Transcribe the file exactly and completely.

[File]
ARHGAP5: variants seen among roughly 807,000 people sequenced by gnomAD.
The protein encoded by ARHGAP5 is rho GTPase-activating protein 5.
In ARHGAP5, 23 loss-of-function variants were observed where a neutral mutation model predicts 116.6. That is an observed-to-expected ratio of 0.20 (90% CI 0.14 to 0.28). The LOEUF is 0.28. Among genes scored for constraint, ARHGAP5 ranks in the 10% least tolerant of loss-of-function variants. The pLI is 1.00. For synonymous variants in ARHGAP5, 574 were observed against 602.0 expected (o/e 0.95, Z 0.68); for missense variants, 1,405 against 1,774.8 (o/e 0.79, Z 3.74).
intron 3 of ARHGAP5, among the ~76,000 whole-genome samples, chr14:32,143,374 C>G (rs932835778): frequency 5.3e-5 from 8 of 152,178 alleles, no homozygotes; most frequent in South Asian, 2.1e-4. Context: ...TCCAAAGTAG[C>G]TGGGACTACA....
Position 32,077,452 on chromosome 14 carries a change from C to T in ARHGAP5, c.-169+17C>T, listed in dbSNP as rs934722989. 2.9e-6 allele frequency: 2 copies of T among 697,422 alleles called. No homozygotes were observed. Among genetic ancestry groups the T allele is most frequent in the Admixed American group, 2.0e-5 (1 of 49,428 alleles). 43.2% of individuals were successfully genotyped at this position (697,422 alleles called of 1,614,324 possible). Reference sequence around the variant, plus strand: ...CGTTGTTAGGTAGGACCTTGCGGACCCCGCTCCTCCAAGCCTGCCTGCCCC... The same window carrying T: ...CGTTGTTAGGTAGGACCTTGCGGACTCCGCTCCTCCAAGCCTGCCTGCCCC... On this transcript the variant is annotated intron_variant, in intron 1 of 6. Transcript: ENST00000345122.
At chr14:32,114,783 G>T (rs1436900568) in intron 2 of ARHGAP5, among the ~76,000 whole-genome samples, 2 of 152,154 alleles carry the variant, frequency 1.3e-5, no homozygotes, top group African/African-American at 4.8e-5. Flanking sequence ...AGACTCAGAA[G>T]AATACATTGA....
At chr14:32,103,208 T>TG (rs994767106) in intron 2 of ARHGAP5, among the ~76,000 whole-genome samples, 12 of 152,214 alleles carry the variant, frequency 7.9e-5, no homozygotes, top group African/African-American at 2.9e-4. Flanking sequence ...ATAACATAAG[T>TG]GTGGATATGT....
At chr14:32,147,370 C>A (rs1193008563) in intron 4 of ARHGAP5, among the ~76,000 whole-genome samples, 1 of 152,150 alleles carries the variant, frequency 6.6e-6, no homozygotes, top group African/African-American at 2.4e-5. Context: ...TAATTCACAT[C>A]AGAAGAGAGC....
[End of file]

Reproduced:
ARHGAP5: variants seen among roughly 807,000 people sequenced by gnomAD.
The protein encoded by ARHGAP5 is rho GTPase-activating protein 5.
In ARHGAP5, 23 loss-of-function variants were observed where a neutral mutation model predicts 116.6. That is an observed-to-expected ratio of 0.20 (90% CI 0.14 to 0.28). The LOEUF is 0.28. Among genes scored for constraint, ARHGAP5 ranks in the 10% least tolerant of loss-of-function variants. The pLI is 1.00. For synonymous variants in ARHGAP5, 574 were observed against 602.0 expected (o/e 0.95, Z 0.68); for missense variants, 1,405 against 1,774.8 (o/e 0.79, Z 3.74).
intron 3 of ARHGAP5, among the ~76,000 whole-genome samples, chr14:32,143,374 C>G (rs932835778): frequency 5.3e-5 from 8 of 152,178 alleles, no homozygotes; most frequent in South Asian, 2.1e-4. Context: ...TCCAAAGTAG[C>G]TGGGACTACA....
Position 32,077,452 on chromosome 14 carries a change from C to T in ARHGAP5, c.-169+17C>T, listed in dbSNP as rs934722989. 2.9e-6 allele frequency: 2 copies of T among 697,422 alleles called. No homozygotes were observed. Among genetic ancestry groups the T allele is most frequent in the Admixed American group, 2.0e-5 (1 of 49,428 alleles). 43.2% of individuals were successfully genotyped at this position (697,422 alleles called of 1,614,324 possible). Reference sequence around the variant, plus strand: ...CGTTGTTAGGTAGGACCTTGCGGACCCCGCTCCTCCAAGCCTGCCTGCCCC... The same window carrying T: ...CGTTGTTAGGTAGGACCTTGCGGACTCCGCTCCTCCAAGCCTGCCTGCCCC... On this transcript the variant is annotated intron_variant, in intron 1 of 6. Transcript: ENST00000345122.
At chr14:32,114,783 G>T (rs1436900568) in intron 2 of ARHGAP5, among the ~76,000 whole-genome samples, 2 of 152,154 alleles carry the variant, frequency 1.3e-5, no homozygotes, top group African/African-American at 4.8e-5. Flanking sequence ...AGACTCAGAA[G>T]AATACATTGA....
At chr14:32,103,208 T>TG (rs994767106) in intron 2 of ARHGAP5, among the ~76,000 whole-genome samples, 12 of 152,214 alleles carry the variant, frequency 7.9e-5, no homozygotes, top group African/African-American at 2.9e-4. Flanking sequence ...ATAACATAAG[T>TG]GTGGATATGT....
At chr14:32,147,370 C>A (rs1193008563) in intron 4 of ARHGAP5, among the ~76,000 whole-genome samples, 1 of 152,150 alleles carries the variant, frequency 6.6e-6, no homozygotes, top group African/African-American at 2.4e-5. Context: ...TAATTCACAT[C>A]AGAAGAGAGC....